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PAL vs. NTSC clarification question

Discussion in 'Archived Threads 2001-2004' started by Jason Handy, Mar 15, 2002.

  1. Jason Handy

    Jason Handy Second Unit

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    Hi all,

    I was not sure where to post this, but here goes. I am interested in learning more about the differences between NTSC and PAL video formats. I thought that the two formats had nothing to do with DVD movies, but it is the DVD player that converts the information on the disc to a signal that the TV can accept.

    Further, my understanding is that DVDs have region encoding not because they are recorded differently, but because it is a convenient way to segregate the global market (for example, if we get a movie on DVD before it comes out in the theaters overseas, it could be damaging to the theater-going market). Someone, please enlighten me!

    Thanks

    Jason
     
  2. Patrick Sun

    Patrick Sun Moderator
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    Here's the scoop:
    NTSC material has a resolution of 704x480, a framerate of 29.97 frames/second. Send this type of video information to a PAL TV and it's "no go, Houston."
    PAL material has a resolution of 704x576, a framerate of 25 frames/second. Send this type of video information to a NTSC TV, and it's the same sad story.
    The DVD video files are encoded for their intended market (PAL or NTSC) in both Aspect ratio and framerate. So it does start with the material on the DVD itself that makes the difference.
    The conversion from PAL to NTSC requires the conversion to drop every 6th line from horizontal (576) lines to get to 480 lines so that the NTSC TV's can deal with it. The cheap DVD players that offer this conversion feature will drop every 3rd line, thus creating a squashed video picture.
    For film material/sources played on NTSC, they are usually 24 frames/second, and require a 2:3 pull down to get it to sync with NTSC's 29.97 frames/second. (I'll admit my understanding of the pulldown might not be quite right, but I'm sure someone will come along and correct me if I got that wrong [​IMG] )
    On PAL material the 1 frame/second difference results in a 4% speed up of movies (1/25).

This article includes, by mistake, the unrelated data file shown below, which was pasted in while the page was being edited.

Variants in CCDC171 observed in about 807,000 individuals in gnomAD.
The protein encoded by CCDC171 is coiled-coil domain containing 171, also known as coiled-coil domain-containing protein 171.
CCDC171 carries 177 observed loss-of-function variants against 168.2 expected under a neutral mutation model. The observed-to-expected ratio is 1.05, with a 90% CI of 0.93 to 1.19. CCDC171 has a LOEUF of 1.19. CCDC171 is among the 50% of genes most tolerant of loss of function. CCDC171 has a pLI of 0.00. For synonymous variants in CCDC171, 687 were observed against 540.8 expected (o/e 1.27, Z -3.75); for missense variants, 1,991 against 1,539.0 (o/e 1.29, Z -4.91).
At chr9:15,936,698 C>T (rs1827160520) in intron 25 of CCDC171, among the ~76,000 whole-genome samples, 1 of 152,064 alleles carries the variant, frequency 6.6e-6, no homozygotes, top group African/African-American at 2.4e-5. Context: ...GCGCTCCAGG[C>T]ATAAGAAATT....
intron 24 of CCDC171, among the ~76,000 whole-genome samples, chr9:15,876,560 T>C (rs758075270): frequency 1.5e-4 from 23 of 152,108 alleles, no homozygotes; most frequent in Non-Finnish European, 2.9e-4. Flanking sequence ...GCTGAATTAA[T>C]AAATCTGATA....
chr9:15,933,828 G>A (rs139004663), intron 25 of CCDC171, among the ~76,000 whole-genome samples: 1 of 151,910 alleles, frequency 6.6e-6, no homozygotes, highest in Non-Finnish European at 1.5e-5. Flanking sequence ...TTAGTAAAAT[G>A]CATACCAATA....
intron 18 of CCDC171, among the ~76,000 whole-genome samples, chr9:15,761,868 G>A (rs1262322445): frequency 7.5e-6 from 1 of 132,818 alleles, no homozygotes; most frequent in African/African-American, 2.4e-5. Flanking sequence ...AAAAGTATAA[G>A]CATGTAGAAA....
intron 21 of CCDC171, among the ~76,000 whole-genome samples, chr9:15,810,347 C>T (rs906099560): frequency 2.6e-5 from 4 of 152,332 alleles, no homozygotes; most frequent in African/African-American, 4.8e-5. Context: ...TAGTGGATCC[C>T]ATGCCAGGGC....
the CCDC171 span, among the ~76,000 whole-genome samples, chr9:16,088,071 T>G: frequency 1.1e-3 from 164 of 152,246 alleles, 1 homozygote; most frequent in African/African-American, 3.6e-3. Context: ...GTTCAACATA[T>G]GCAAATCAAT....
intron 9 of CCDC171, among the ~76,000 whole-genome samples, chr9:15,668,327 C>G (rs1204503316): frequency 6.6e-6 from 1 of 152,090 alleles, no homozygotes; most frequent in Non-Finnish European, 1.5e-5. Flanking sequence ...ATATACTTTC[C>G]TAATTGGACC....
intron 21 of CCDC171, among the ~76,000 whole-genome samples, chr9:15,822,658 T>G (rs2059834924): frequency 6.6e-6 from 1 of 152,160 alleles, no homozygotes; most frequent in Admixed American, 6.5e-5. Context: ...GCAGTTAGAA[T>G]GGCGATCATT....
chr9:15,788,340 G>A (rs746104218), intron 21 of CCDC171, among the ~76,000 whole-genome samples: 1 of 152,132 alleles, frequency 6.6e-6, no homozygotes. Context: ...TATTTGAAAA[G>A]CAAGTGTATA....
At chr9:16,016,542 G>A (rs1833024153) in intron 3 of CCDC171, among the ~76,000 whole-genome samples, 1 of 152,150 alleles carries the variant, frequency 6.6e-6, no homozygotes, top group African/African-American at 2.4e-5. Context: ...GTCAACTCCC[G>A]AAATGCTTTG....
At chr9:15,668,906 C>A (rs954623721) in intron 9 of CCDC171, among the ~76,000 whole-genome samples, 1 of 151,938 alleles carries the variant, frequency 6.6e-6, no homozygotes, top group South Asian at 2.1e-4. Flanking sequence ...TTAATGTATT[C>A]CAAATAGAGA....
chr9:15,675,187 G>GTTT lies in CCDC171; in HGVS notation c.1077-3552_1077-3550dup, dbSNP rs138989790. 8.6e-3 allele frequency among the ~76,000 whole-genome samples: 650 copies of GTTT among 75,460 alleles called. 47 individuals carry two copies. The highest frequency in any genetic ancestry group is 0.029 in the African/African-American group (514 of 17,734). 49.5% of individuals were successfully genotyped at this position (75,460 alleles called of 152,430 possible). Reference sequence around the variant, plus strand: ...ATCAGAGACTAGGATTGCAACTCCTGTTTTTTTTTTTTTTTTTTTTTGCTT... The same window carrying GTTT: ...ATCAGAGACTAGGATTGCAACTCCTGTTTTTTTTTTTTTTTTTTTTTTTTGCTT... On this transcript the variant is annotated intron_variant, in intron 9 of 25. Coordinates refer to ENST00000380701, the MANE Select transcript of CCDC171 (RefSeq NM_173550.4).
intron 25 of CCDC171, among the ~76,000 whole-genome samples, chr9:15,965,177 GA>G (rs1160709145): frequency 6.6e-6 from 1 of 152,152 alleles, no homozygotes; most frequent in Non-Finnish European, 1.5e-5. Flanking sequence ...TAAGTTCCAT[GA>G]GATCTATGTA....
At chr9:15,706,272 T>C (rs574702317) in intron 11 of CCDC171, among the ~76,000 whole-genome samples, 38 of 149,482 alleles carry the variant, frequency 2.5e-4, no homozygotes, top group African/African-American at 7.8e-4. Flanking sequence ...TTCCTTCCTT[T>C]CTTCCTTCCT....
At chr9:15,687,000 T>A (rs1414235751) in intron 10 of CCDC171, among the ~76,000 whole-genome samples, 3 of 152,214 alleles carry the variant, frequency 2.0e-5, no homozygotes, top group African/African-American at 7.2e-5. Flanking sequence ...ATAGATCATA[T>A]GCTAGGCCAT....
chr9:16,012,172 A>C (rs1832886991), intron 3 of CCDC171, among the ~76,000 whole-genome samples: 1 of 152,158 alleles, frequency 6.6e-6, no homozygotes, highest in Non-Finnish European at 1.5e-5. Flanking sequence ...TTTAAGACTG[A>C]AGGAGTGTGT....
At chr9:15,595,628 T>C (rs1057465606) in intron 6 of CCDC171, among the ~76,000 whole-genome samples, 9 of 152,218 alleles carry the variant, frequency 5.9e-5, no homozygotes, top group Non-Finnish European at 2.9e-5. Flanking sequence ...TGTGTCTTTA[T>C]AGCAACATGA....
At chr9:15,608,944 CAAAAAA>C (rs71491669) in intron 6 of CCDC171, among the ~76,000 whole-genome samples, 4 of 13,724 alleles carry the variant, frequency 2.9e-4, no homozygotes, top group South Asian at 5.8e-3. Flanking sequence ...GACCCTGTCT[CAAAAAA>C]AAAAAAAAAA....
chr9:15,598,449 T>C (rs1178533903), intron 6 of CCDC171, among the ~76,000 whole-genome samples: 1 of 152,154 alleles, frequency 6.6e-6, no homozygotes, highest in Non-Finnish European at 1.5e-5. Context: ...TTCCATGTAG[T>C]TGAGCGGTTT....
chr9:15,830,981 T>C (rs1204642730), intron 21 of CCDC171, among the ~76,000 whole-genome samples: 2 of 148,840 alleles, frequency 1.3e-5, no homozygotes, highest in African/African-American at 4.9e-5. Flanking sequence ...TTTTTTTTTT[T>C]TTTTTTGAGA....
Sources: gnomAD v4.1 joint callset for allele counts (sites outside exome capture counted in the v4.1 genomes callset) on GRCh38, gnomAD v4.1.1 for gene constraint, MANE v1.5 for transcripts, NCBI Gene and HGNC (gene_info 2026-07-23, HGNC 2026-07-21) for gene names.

Your understanding of region coding is correct, DVD players look at the region code flag and determine whether it is supposed to play the material on the DVD. If you get a hacked all-region DVD player, it should ignore the region code and play the material, then you have to contend with the PAL/NTSC issues if an incompatibility exists.
     
  3. Jason Handy

    Jason Handy Second Unit

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    So basically what you are saying is that even though my Apex DVD player has the region-free operation, there is a conversion issue as well as a region issue?

    I will admit the PAL DVD I own is not the highest quality transfer, but I thought that was the disc and not the conversion from my player.

    Thanks for the info!

    Jason
     
  4. Patrick Sun

    Patrick Sun Moderator
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    Jason, yes, the Apex is probably not providing the correct PAL-to-NTSC conversion, but it's better than nothing. The best solution for Region-free play and proper PAL/NTSC conversion is the Malata N996, but it's around $250-$300 (a far cry from an Apex that cost around $100 nowadays).
     
  5. Jeff Kleist

    Jeff Kleist Executive Producer

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    The Apex's PAL conversion is..less than stellar. Looking at it on a Malata for my PAL titles is like night and day
     
  6. Mattias_ka

    Mattias_ka Supporting Actor

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  7. alan halvorson

    alan halvorson Cinematographer

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    Well, of course, Mattias, the question is from a USA perspective - the televsions you're talking about are just not commonly available here, or maybe not at all (except for some front projectors).
     
  8. Dmitry

    Dmitry Supporting Actor

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